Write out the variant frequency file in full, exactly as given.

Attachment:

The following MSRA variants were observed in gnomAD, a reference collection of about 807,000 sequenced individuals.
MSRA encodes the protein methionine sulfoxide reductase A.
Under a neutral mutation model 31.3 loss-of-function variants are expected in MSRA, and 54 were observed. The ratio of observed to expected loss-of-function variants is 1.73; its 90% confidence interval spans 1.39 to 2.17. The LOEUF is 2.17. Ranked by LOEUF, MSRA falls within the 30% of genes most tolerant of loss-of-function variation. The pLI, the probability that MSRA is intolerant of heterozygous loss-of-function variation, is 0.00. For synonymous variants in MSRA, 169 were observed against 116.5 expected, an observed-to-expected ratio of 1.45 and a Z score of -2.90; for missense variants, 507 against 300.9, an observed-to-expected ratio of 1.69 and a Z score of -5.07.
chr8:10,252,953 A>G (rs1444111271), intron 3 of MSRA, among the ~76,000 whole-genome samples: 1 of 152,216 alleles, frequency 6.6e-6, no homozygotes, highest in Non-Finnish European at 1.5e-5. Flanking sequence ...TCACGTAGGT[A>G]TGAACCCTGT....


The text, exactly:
The following MSRA variants were observed in gnomAD, a reference collection of about 807,000 sequenced individuals.
MSRA encodes the protein methionine sulfoxide reductase A.
Under a neutral mutation model 31.3 loss-of-function variants are expected in MSRA, and 54 were observed. The ratio of observed to expected loss-of-function variants is 1.73; its 90% confidence interval spans 1.39 to 2.17. The LOEUF is 2.17. Ranked by LOEUF, MSRA falls within the 30% of genes most tolerant of loss-of-function variation. The pLI, the probability that MSRA is intolerant of heterozygous loss-of-function variation, is 0.00. For synonymous variants in MSRA, 169 were observed against 116.5 expected, an observed-to-expected ratio of 1.45 and a Z score of -2.90; for missense variants, 507 against 300.9, an observed-to-expected ratio of 1.69 and a Z score of -5.07.
chr8:10,252,953 A>G (rs1444111271), intron 3 of MSRA, among the ~76,000 whole-genome samples: 1 of 152,216 alleles, frequency 6.6e-6, no homozygotes, highest in Non-Finnish European at 1.5e-5. Flanking sequence ...TCACGTAGGT[A>G]TGAACCCTGT....